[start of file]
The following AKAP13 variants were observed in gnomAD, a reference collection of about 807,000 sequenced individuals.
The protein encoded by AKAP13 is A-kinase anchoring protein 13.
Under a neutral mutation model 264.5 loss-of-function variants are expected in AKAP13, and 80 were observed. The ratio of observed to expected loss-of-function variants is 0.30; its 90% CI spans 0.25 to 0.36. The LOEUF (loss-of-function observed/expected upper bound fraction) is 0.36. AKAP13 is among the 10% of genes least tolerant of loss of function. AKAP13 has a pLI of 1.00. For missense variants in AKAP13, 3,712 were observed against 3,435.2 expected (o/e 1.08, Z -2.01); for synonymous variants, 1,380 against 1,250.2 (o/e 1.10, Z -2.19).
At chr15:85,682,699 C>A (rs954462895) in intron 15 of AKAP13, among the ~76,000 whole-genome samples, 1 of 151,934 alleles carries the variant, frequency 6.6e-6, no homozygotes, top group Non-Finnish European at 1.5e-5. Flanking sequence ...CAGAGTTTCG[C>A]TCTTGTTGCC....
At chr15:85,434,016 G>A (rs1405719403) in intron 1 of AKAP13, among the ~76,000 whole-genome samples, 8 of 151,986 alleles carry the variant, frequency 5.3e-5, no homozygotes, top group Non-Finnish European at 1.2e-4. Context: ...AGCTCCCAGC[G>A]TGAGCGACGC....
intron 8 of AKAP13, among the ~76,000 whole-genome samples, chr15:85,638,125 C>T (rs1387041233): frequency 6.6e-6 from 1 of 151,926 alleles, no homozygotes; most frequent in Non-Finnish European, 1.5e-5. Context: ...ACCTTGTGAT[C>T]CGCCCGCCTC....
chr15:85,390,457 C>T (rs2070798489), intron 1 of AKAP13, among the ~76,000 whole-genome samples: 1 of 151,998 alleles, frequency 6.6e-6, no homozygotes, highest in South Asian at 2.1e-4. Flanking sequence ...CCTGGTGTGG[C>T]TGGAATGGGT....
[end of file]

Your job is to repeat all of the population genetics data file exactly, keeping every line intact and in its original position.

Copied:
The following AKAP13 variants were observed in gnomAD, a reference collection of about 807,000 sequenced individuals.
The protein encoded by AKAP13 is A-kinase anchoring protein 13.
Under a neutral mutation model 264.5 loss-of-function variants are expected in AKAP13, and 80 were observed. The ratio of observed to expected loss-of-function variants is 0.30; its 90% CI spans 0.25 to 0.36. The LOEUF (loss-of-function observed/expected upper bound fraction) is 0.36. AKAP13 is among the 10% of genes least tolerant of loss of function. AKAP13 has a pLI of 1.00. For missense variants in AKAP13, 3,712 were observed against 3,435.2 expected (o/e 1.08, Z -2.01); for synonymous variants, 1,380 against 1,250.2 (o/e 1.10, Z -2.19).
At chr15:85,682,699 C>A (rs954462895) in intron 15 of AKAP13, among the ~76,000 whole-genome samples, 1 of 151,934 alleles carries the variant, frequency 6.6e-6, no homozygotes, top group Non-Finnish European at 1.5e-5. Flanking sequence ...CAGAGTTTCG[C>A]TCTTGTTGCC....
At chr15:85,434,016 G>A (rs1405719403) in intron 1 of AKAP13, among the ~76,000 whole-genome samples, 8 of 151,986 alleles carry the variant, frequency 5.3e-5, no homozygotes, top group Non-Finnish European at 1.2e-4. Context: ...AGCTCCCAGC[G>A]TGAGCGACGC....
intron 8 of AKAP13, among the ~76,000 whole-genome samples, chr15:85,638,125 C>T (rs1387041233): frequency 6.6e-6 from 1 of 151,926 alleles, no homozygotes; most frequent in Non-Finnish European, 1.5e-5. Context: ...ACCTTGTGAT[C>T]CGCCCGCCTC....
chr15:85,390,457 C>T (rs2070798489), intron 1 of AKAP13, among the ~76,000 whole-genome samples: 1 of 151,998 alleles, frequency 6.6e-6, no homozygotes, highest in South Asian at 2.1e-4. Flanking sequence ...CCTGGTGTGG[C>T]TGGAATGGGT....